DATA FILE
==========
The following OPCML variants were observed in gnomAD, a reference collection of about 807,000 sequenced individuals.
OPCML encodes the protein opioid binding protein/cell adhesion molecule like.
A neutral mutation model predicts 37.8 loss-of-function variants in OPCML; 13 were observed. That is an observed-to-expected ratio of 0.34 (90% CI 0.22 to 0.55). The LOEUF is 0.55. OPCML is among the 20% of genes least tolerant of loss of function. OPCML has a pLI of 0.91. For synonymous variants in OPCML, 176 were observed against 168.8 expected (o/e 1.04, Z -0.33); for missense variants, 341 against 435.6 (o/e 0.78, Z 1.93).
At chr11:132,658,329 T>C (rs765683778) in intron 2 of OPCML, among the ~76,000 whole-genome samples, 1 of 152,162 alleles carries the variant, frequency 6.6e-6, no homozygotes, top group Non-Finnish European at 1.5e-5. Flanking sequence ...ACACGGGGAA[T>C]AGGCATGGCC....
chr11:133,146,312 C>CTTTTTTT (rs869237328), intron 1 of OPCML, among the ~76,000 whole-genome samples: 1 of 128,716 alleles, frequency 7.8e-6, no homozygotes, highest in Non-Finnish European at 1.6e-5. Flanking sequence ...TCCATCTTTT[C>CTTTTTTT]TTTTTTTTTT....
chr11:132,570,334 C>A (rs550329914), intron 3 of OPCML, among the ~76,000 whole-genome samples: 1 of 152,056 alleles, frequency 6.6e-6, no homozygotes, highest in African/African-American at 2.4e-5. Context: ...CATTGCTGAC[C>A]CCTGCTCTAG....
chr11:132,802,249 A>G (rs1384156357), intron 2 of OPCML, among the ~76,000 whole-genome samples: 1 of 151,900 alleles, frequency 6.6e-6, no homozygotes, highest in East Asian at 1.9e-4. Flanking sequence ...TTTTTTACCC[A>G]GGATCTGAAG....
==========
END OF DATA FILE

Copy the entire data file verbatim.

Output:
The following OPCML variants were observed in gnomAD, a reference collection of about 807,000 sequenced individuals.
OPCML encodes the protein opioid binding protein/cell adhesion molecule like.
A neutral mutation model predicts 37.8 loss-of-function variants in OPCML; 13 were observed. That is an observed-to-expected ratio of 0.34 (90% CI 0.22 to 0.55). The LOEUF is 0.55. OPCML is among the 20% of genes least tolerant of loss of function. OPCML has a pLI of 0.91. For synonymous variants in OPCML, 176 were observed against 168.8 expected (o/e 1.04, Z -0.33); for missense variants, 341 against 435.6 (o/e 0.78, Z 1.93).
At chr11:132,658,329 T>C (rs765683778) in intron 2 of OPCML, among the ~76,000 whole-genome samples, 1 of 152,162 alleles carries the variant, frequency 6.6e-6, no homozygotes, top group Non-Finnish European at 1.5e-5. Flanking sequence ...ACACGGGGAA[T>C]AGGCATGGCC....
chr11:133,146,312 C>CTTTTTTT (rs869237328), intron 1 of OPCML, among the ~76,000 whole-genome samples: 1 of 128,716 alleles, frequency 7.8e-6, no homozygotes, highest in Non-Finnish European at 1.6e-5. Flanking sequence ...TCCATCTTTT[C>CTTTTTTT]TTTTTTTTTT....
chr11:132,570,334 C>A (rs550329914), intron 3 of OPCML, among the ~76,000 whole-genome samples: 1 of 152,056 alleles, frequency 6.6e-6, no homozygotes, highest in African/African-American at 2.4e-5. Context: ...CATTGCTGAC[C>A]CCTGCTCTAG....
chr11:132,802,249 A>G (rs1384156357), intron 2 of OPCML, among the ~76,000 whole-genome samples: 1 of 151,900 alleles, frequency 6.6e-6, no homozygotes, highest in East Asian at 1.9e-4. Flanking sequence ...TTTTTTACCC[A>G]GGATCTGAAG....